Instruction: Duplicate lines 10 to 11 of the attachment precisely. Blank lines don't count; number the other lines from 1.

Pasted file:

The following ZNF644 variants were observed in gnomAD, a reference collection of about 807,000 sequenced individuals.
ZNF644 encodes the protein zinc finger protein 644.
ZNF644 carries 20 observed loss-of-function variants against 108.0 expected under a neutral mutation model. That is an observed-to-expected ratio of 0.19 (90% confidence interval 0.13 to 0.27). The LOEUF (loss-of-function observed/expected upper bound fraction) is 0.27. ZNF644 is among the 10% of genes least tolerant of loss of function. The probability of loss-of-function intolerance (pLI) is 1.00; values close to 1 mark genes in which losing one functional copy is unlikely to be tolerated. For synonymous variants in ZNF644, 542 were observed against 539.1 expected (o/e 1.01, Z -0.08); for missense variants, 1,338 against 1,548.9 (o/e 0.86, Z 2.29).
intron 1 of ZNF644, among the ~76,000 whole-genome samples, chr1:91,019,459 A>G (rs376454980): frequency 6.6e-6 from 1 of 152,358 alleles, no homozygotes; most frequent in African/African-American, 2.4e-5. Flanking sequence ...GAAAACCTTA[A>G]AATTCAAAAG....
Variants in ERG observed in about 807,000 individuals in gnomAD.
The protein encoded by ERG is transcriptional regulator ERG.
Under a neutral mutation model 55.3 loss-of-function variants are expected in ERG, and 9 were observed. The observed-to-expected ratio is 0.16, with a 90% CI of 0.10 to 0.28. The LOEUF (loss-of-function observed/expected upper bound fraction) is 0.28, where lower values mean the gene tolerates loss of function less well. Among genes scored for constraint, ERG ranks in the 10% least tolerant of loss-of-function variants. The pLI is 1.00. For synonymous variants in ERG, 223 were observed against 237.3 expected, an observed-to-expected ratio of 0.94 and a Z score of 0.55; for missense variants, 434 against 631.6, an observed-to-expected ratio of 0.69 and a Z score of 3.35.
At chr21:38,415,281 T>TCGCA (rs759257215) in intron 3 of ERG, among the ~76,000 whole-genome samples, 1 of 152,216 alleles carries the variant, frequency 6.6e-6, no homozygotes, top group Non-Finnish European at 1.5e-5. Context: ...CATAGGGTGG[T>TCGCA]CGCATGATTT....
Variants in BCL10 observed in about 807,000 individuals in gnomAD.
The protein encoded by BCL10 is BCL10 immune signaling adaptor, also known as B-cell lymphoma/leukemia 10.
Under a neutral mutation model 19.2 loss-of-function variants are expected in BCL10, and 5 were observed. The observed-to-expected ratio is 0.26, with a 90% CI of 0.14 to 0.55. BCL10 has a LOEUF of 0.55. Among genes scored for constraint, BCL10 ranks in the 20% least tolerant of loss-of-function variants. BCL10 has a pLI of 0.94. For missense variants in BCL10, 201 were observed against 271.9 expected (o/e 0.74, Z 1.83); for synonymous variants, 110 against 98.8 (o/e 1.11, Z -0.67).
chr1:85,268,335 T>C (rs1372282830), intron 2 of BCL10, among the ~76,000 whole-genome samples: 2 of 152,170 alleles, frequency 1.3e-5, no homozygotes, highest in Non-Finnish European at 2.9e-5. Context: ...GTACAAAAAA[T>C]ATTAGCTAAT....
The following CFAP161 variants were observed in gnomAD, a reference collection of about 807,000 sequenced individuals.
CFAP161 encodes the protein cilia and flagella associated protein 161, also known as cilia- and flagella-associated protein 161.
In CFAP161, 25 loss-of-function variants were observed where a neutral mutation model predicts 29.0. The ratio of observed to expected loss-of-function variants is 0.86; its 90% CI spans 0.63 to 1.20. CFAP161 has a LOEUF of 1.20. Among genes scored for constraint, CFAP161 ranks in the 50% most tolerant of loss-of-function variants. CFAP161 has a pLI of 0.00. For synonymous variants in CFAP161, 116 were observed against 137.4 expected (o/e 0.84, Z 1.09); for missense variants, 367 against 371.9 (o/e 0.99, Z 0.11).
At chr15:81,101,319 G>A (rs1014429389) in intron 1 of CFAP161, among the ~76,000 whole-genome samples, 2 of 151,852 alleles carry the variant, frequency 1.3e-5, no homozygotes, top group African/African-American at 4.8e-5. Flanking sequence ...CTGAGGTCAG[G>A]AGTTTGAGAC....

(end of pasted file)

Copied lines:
The protein encoded by BCL10 is BCL10 immune signaling adaptor, also known as B-cell lymphoma/leukemia 10.
Under a neutral mutation model 19.2 loss-of-function variants are expected in BCL10, and 5 were observed. The observed-to-expected ratio is 0.26, with a 90% CI of 0.14 to 0.55. BCL10 has a LOEUF of 0.55. Among genes scored for constraint, BCL10 ranks in the 20% least tolerant of loss-of-function variants. BCL10 has a pLI of 0.94. For missense variants in BCL10, 201 were observed against 271.9 expected (o/e 0.74, Z 1.83); for synonymous variants, 110 against 98.8 (o/e 1.11, Z -0.67).